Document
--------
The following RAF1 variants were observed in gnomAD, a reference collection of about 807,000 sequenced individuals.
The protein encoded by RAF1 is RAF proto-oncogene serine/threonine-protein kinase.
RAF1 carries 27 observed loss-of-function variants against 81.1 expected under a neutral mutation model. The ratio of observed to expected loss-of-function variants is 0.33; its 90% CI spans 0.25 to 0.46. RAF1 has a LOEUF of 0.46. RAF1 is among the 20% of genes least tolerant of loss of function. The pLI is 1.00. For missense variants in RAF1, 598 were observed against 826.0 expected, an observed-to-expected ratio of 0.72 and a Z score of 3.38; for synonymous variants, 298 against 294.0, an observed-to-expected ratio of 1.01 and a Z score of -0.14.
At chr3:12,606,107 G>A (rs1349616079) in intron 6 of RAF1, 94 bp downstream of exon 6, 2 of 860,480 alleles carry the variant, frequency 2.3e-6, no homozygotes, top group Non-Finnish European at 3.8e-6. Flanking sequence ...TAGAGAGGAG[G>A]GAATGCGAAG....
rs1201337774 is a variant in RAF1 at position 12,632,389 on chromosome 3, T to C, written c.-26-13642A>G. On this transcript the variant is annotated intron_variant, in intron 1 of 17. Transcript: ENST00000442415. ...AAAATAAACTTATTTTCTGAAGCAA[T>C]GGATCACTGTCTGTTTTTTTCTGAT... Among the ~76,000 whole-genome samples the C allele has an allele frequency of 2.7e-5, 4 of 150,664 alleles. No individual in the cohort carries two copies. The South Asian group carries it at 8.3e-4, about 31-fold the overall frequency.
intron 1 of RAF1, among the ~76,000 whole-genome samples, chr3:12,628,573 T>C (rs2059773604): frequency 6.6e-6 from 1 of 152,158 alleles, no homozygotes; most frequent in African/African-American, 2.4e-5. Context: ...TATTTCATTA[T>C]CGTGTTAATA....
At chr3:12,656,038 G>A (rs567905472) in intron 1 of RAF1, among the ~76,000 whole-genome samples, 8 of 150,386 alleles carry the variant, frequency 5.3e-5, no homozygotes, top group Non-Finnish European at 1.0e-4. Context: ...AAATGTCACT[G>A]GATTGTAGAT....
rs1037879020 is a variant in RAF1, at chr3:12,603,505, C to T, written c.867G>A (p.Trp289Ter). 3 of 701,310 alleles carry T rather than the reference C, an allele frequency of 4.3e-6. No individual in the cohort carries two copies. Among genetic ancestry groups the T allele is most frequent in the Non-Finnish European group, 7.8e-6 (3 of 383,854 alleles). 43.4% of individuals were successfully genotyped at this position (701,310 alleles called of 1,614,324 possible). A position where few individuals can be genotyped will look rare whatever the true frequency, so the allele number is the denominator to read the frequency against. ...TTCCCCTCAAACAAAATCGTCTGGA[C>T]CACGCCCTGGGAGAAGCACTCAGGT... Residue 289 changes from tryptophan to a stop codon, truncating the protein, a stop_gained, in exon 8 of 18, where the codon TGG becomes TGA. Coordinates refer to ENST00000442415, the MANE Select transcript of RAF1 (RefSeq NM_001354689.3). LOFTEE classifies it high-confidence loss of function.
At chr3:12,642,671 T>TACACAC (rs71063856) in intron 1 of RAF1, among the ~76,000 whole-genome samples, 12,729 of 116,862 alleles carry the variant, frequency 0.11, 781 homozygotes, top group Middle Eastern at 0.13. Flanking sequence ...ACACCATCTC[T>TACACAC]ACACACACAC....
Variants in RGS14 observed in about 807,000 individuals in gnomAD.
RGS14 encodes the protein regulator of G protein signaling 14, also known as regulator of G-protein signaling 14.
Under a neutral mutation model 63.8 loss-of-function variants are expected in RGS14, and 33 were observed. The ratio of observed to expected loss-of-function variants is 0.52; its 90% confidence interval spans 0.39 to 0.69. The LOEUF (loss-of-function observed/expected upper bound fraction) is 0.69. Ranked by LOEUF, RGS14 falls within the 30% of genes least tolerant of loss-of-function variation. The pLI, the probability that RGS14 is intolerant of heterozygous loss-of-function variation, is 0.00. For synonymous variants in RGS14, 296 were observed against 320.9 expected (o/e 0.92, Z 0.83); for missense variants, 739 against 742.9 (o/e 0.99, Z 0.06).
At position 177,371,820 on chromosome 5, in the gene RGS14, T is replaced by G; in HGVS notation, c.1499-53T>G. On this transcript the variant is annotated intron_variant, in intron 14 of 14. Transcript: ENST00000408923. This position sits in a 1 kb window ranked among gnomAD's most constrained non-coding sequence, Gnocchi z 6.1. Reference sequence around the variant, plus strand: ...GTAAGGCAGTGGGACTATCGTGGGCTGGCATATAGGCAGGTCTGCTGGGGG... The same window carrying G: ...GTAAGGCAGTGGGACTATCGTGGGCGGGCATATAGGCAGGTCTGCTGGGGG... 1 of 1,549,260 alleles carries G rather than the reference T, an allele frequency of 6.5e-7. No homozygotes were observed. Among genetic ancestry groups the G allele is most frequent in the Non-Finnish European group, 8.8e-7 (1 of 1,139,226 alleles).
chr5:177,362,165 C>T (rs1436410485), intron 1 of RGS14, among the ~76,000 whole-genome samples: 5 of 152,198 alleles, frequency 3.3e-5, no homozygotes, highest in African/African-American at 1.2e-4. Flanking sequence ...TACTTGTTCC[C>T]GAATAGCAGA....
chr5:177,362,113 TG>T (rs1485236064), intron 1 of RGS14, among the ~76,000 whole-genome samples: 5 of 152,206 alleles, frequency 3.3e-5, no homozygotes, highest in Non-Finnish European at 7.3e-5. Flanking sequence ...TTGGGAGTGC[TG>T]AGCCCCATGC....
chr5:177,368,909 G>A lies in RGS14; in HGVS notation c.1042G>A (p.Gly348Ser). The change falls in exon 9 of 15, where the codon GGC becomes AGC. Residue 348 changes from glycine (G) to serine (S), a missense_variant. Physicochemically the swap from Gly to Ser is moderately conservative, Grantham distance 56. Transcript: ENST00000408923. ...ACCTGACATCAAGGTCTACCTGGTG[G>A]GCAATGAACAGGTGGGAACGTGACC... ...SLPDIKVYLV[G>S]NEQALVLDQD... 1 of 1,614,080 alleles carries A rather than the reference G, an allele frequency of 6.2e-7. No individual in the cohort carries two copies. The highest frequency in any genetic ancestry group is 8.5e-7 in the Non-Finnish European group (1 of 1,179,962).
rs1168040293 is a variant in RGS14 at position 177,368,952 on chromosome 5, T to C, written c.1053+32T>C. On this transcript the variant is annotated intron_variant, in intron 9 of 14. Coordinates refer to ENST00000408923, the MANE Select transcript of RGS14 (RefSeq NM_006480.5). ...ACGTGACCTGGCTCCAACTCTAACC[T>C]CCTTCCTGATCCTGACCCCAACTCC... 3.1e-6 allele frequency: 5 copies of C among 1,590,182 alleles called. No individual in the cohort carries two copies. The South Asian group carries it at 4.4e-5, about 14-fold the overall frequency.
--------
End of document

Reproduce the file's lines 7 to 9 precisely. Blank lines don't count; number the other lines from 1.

At chr3:12,656,038 G>A (rs567905472) in intron 1 of RAF1, among the ~76,000 whole-genome samples, 8 of 150,386 alleles carry the variant, frequency 5.3e-5, no homozygotes, top group Non-Finnish European at 1.0e-4. Context: ...AAATGTCACT[G>A]GATTGTAGAT....
rs1037879020 is a variant in RAF1, at chr3:12,603,505, C to T, written c.867G>A (p.Trp289Ter). 3 of 701,310 alleles carry T rather than the reference C, an allele frequency of 4.3e-6. No individual in the cohort carries two copies. Among genetic ancestry groups the T allele is most frequent in the Non-Finnish European group, 7.8e-6 (3 of 383,854 alleles). 43.4% of individuals were successfully genotyped at this position (701,310 alleles called of 1,614,324 possible). A position where few individuals can be genotyped will look rare whatever the true frequency, so the allele number is the denominator to read the frequency against. ...TTCCCCTCAAACAAAATCGTCTGGA[C>T]CACGCCCTGGGAGAAGCACTCAGGT... Residue 289 changes from tryptophan to a stop codon, truncating the protein, a stop_gained, in exon 8 of 18, where the codon TGG becomes TGA. Coordinates refer to ENST00000442415, the MANE Select transcript of RAF1 (RefSeq NM_001354689.3). LOFTEE classifies it high-confidence loss of function.
At chr3:12,642,671 T>TACACAC (rs71063856) in intron 1 of RAF1, among the ~76,000 whole-genome samples, 12,729 of 116,862 alleles carry the variant, frequency 0.11, 781 homozygotes, top group Middle Eastern at 0.13. Flanking sequence ...ACACCATCTC[T>TACACAC]ACACACACAC....